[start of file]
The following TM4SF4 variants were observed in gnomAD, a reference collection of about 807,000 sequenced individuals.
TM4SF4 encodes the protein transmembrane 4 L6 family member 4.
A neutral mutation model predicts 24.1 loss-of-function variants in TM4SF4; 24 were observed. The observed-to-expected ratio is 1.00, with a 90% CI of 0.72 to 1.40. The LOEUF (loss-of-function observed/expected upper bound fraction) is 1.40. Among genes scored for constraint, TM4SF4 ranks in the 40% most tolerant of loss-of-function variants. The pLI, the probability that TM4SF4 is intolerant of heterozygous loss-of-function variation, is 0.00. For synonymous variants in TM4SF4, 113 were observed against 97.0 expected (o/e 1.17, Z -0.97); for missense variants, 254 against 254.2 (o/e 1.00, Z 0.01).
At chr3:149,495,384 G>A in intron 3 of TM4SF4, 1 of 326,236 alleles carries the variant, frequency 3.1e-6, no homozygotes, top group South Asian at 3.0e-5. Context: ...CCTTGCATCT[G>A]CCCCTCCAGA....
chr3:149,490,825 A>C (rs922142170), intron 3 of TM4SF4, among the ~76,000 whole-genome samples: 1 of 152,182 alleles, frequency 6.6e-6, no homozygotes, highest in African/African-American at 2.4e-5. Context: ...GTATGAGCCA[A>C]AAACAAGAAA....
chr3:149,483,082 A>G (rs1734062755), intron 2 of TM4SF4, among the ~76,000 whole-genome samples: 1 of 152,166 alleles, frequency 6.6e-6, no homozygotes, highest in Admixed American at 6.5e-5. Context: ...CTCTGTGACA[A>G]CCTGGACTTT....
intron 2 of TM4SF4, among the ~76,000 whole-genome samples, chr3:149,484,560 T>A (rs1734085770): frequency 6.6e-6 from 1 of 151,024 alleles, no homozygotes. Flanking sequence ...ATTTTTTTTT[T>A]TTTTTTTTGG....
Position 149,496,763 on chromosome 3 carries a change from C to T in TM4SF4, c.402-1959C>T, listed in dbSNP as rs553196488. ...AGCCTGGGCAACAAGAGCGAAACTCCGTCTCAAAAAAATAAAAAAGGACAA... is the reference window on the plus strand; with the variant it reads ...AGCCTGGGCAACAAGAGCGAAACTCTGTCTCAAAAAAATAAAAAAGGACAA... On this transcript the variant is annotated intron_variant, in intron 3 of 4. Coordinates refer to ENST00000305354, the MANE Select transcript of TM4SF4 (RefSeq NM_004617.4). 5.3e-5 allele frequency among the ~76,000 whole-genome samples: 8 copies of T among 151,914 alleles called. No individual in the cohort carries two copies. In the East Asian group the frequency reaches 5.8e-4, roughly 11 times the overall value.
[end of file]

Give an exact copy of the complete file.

The following TM4SF4 variants were observed in gnomAD, a reference collection of about 807,000 sequenced individuals.
TM4SF4 encodes the protein transmembrane 4 L6 family member 4.
A neutral mutation model predicts 24.1 loss-of-function variants in TM4SF4; 24 were observed. The observed-to-expected ratio is 1.00, with a 90% CI of 0.72 to 1.40. The LOEUF (loss-of-function observed/expected upper bound fraction) is 1.40. Among genes scored for constraint, TM4SF4 ranks in the 40% most tolerant of loss-of-function variants. The pLI, the probability that TM4SF4 is intolerant of heterozygous loss-of-function variation, is 0.00. For synonymous variants in TM4SF4, 113 were observed against 97.0 expected (o/e 1.17, Z -0.97); for missense variants, 254 against 254.2 (o/e 1.00, Z 0.01).
At chr3:149,495,384 G>A in intron 3 of TM4SF4, 1 of 326,236 alleles carries the variant, frequency 3.1e-6, no homozygotes, top group South Asian at 3.0e-5. Context: ...CCTTGCATCT[G>A]CCCCTCCAGA....
chr3:149,490,825 A>C (rs922142170), intron 3 of TM4SF4, among the ~76,000 whole-genome samples: 1 of 152,182 alleles, frequency 6.6e-6, no homozygotes, highest in African/African-American at 2.4e-5. Context: ...GTATGAGCCA[A>C]AAACAAGAAA....
chr3:149,483,082 A>G (rs1734062755), intron 2 of TM4SF4, among the ~76,000 whole-genome samples: 1 of 152,166 alleles, frequency 6.6e-6, no homozygotes, highest in Admixed American at 6.5e-5. Context: ...CTCTGTGACA[A>G]CCTGGACTTT....
intron 2 of TM4SF4, among the ~76,000 whole-genome samples, chr3:149,484,560 T>A (rs1734085770): frequency 6.6e-6 from 1 of 151,024 alleles, no homozygotes. Flanking sequence ...ATTTTTTTTT[T>A]TTTTTTTTGG....
Position 149,496,763 on chromosome 3 carries a change from C to T in TM4SF4, c.402-1959C>T, listed in dbSNP as rs553196488. ...AGCCTGGGCAACAAGAGCGAAACTCCGTCTCAAAAAAATAAAAAAGGACAA... is the reference window on the plus strand; with the variant it reads ...AGCCTGGGCAACAAGAGCGAAACTCTGTCTCAAAAAAATAAAAAAGGACAA... On this transcript the variant is annotated intron_variant, in intron 3 of 4. Coordinates refer to ENST00000305354, the MANE Select transcript of TM4SF4 (RefSeq NM_004617.4). 5.3e-5 allele frequency among the ~76,000 whole-genome samples: 8 copies of T among 151,914 alleles called. No individual in the cohort carries two copies. In the East Asian group the frequency reaches 5.8e-4, roughly 11 times the overall value.